Thoughts from #LT13UK

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So, the dust has settled from Learning Technologies 2013. What a completely manic two days! I’m not sure how many years I’ve been doing this but it seems like a lot, and I never tire of it. I was looking forward to it for weeks and it didn’t fail to deliver. There were a number of highlights for me.

My presentation

I did a presentation in one of the exhibition theatres on Tuesday: “What does your next LMS look like?” It was the first time I have presented at LT despite many years of attendance and the theatre was absolutely rammed which was great.


Image: My “What does your next LMS look like?” session on Tuesday morning

I started off by talking about Plato, an LMS with a fairly standard feature set that you could see on pretty much most booths today, but with some nice touches like games based learning tools. I used Plato as example because the platform was actually built in 1960, and it served to illustrate that in 50 years not all that much has changed in the LMS world with regards to feature sets.

However, what has changed is that there are now over 500 LMS products to choose from. My presentation focused on navigating your way through this confusing market if you are an LMS buyer. I showed a range of possibilities for new, modern tools like Curatr and Docebo, custom platforms we have built, and Epic’s proof of concept work on a Tin Can API learning record store.

I had a steady stream of positive feedback over the two days about the presentation which I was really pleased about, it seemed to have hit the spot for a lot of the attendees who appreciated the overview of the options available to them and the range of product showcases. It also sparked a lot of discussion about our Tin Can Learning Record Store mockups and this turned out to be the one of the most popular walkthroughs I was showing people on the stand.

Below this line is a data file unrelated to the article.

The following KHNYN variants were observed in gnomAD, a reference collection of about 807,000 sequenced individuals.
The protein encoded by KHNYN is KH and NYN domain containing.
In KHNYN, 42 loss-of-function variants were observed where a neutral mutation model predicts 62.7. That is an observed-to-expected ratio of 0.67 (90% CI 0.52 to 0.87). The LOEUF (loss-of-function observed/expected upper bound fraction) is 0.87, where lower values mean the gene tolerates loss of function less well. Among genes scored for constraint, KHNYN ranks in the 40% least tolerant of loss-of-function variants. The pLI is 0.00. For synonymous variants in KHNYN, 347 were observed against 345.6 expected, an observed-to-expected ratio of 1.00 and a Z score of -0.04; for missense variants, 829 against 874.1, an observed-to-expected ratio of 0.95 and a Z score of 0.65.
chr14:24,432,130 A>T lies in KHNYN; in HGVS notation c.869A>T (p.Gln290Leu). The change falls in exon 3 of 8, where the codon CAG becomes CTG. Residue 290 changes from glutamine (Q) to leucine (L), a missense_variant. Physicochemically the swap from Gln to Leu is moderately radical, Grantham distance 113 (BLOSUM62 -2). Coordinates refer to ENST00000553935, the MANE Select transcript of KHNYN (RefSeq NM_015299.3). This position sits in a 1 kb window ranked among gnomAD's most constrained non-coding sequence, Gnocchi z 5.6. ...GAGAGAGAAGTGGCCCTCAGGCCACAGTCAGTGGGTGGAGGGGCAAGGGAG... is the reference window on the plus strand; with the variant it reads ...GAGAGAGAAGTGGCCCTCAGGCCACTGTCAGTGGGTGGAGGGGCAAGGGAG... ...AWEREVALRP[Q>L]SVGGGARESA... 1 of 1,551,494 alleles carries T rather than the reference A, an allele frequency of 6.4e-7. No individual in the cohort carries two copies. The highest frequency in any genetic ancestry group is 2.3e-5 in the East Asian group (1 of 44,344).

Catching up with old pals

I’ve been working in e-learning since 1996 and one of the defining characteristics of our industry is the close knit nature of it. So it was great to catch up with ex-colleagues on the Line, Brightwave, Kineo and Kenexa stands and to catch up with old clients from previous jobs and ex-colleagues who were visiting the exhibition. I also got a real sense of the same type of social circle among the LMS vendors too, as I had good conversations with Successfactors, Cornerstone and NetDimensions and the folks on those stands all seemed to have worked for each other at some point too. It seems that whichever part of the learning technologies industry you work in,  this friendly and close-knit social side is apparent. I like that a lot and it was really nice having a catch up with everyone.

New products

On day one I got to have a good look around the exhibition floor. I didn’t make it into the LAS hall unfortunately but the LT hall was impressive. There weren’t a great deal of standout products for me, however a few caught my eye.

The Redsource product won best product at the Elearning Age awards, it is a mobile app store for the enterprise, and looks really impressive, so I got to have a closer look at that.

I was also really pleased to be invited by Brightwave to view a demo of their new Tessello product. We are competitors of Brightwave but they had been at my presentation on Tuesday and had some Tin Can API and Social elements in their new platform that crossed over with areas I was covering. So they invited me to have a look. It was good to swap notes and see their product in action, it has a nice Windows 8 tiles interface and looks the part, a very visual learning platform which sits firmly in amongst the new breed of platform that I had been talking about. I was really pleased that one of our competitors took the initiative and extended an invite like this. You never know what might come out of these conversations so it’s always worth sharing openly. It’s one of the reasons we took our Tin Can LRS product mock ups to the show and put them in front of a large audience and invited feedback, rather than developing behind closed doors. We need more sharing like this!

It was good also to talk to the Panopto folks. We get asked about video streaming within the LMS quite a lot and it’s rarely built in to LMS products. Panopto  have a really good solution which I’m definitely going to follow up on.

Our stand